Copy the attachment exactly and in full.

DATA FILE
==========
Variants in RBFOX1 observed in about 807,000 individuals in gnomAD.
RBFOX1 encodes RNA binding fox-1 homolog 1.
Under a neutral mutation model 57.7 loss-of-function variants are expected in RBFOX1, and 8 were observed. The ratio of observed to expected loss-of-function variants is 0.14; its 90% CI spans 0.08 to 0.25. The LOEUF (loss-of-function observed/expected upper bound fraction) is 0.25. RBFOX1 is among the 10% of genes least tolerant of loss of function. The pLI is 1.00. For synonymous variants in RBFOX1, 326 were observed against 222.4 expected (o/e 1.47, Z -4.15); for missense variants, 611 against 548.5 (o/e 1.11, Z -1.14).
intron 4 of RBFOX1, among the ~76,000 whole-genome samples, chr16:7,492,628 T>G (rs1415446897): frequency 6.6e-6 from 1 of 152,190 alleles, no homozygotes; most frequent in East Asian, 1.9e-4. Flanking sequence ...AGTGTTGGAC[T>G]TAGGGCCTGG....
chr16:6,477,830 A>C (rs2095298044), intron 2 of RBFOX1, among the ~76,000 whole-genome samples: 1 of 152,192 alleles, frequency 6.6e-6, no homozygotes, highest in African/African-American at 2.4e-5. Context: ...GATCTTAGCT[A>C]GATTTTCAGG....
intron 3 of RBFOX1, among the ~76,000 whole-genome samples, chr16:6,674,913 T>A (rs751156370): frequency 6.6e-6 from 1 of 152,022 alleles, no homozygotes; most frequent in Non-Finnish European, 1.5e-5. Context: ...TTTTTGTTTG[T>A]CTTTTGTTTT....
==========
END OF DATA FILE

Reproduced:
Variants in RBFOX1 observed in about 807,000 individuals in gnomAD.
RBFOX1 encodes RNA binding fox-1 homolog 1.
Under a neutral mutation model 57.7 loss-of-function variants are expected in RBFOX1, and 8 were observed. The ratio of observed to expected loss-of-function variants is 0.14; its 90% CI spans 0.08 to 0.25. The LOEUF (loss-of-function observed/expected upper bound fraction) is 0.25. RBFOX1 is among the 10% of genes least tolerant of loss of function. The pLI is 1.00. For synonymous variants in RBFOX1, 326 were observed against 222.4 expected (o/e 1.47, Z -4.15); for missense variants, 611 against 548.5 (o/e 1.11, Z -1.14).
intron 4 of RBFOX1, among the ~76,000 whole-genome samples, chr16:7,492,628 T>G (rs1415446897): frequency 6.6e-6 from 1 of 152,190 alleles, no homozygotes; most frequent in East Asian, 1.9e-4. Flanking sequence ...AGTGTTGGAC[T>G]TAGGGCCTGG....
chr16:6,477,830 A>C (rs2095298044), intron 2 of RBFOX1, among the ~76,000 whole-genome samples: 1 of 152,192 alleles, frequency 6.6e-6, no homozygotes, highest in African/African-American at 2.4e-5. Context: ...GATCTTAGCT[A>C]GATTTTCAGG....
intron 3 of RBFOX1, among the ~76,000 whole-genome samples, chr16:6,674,913 T>A (rs751156370): frequency 6.6e-6 from 1 of 152,022 alleles, no homozygotes; most frequent in Non-Finnish European, 1.5e-5. Context: ...TTTTTGTTTG[T>A]CTTTTGTTTT....